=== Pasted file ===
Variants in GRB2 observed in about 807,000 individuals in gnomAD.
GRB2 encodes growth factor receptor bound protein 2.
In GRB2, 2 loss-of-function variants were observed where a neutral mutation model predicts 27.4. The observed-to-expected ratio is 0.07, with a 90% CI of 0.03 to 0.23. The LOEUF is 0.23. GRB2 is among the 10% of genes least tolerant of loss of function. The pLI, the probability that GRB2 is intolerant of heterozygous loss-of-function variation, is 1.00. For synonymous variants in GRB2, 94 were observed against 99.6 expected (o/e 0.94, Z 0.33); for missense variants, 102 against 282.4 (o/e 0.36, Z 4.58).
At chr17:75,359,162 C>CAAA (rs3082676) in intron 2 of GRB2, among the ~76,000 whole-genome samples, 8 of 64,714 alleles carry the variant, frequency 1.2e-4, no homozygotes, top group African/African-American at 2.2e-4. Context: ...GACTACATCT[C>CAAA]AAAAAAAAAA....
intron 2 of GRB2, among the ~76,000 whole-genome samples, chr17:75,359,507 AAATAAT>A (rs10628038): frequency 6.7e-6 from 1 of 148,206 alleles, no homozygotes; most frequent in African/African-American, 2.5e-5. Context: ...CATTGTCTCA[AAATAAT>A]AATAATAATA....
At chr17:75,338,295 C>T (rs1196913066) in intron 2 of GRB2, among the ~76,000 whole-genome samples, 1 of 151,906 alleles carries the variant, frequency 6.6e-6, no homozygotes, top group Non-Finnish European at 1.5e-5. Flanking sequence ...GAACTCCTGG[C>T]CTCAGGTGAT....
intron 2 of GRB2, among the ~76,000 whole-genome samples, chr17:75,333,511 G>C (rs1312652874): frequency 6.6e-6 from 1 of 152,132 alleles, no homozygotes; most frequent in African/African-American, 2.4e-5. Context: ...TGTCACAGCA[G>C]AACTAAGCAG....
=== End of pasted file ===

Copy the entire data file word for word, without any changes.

Variants in GRB2 observed in about 807,000 individuals in gnomAD.
GRB2 encodes growth factor receptor bound protein 2.
In GRB2, 2 loss-of-function variants were observed where a neutral mutation model predicts 27.4. The observed-to-expected ratio is 0.07, with a 90% CI of 0.03 to 0.23. The LOEUF is 0.23. GRB2 is among the 10% of genes least tolerant of loss of function. The pLI, the probability that GRB2 is intolerant of heterozygous loss-of-function variation, is 1.00. For synonymous variants in GRB2, 94 were observed against 99.6 expected (o/e 0.94, Z 0.33); for missense variants, 102 against 282.4 (o/e 0.36, Z 4.58).
At chr17:75,359,162 C>CAAA (rs3082676) in intron 2 of GRB2, among the ~76,000 whole-genome samples, 8 of 64,714 alleles carry the variant, frequency 1.2e-4, no homozygotes, top group African/African-American at 2.2e-4. Context: ...GACTACATCT[C>CAAA]AAAAAAAAAA....
intron 2 of GRB2, among the ~76,000 whole-genome samples, chr17:75,359,507 AAATAAT>A (rs10628038): frequency 6.7e-6 from 1 of 148,206 alleles, no homozygotes; most frequent in African/African-American, 2.5e-5. Context: ...CATTGTCTCA[AAATAAT>A]AATAATAATA....
At chr17:75,338,295 C>T (rs1196913066) in intron 2 of GRB2, among the ~76,000 whole-genome samples, 1 of 151,906 alleles carries the variant, frequency 6.6e-6, no homozygotes, top group Non-Finnish European at 1.5e-5. Flanking sequence ...GAACTCCTGG[C>T]CTCAGGTGAT....
intron 2 of GRB2, among the ~76,000 whole-genome samples, chr17:75,333,511 G>C (rs1312652874): frequency 6.6e-6 from 1 of 152,132 alleles, no homozygotes; most frequent in African/African-American, 2.4e-5. Context: ...TGTCACAGCA[G>C]AACTAAGCAG....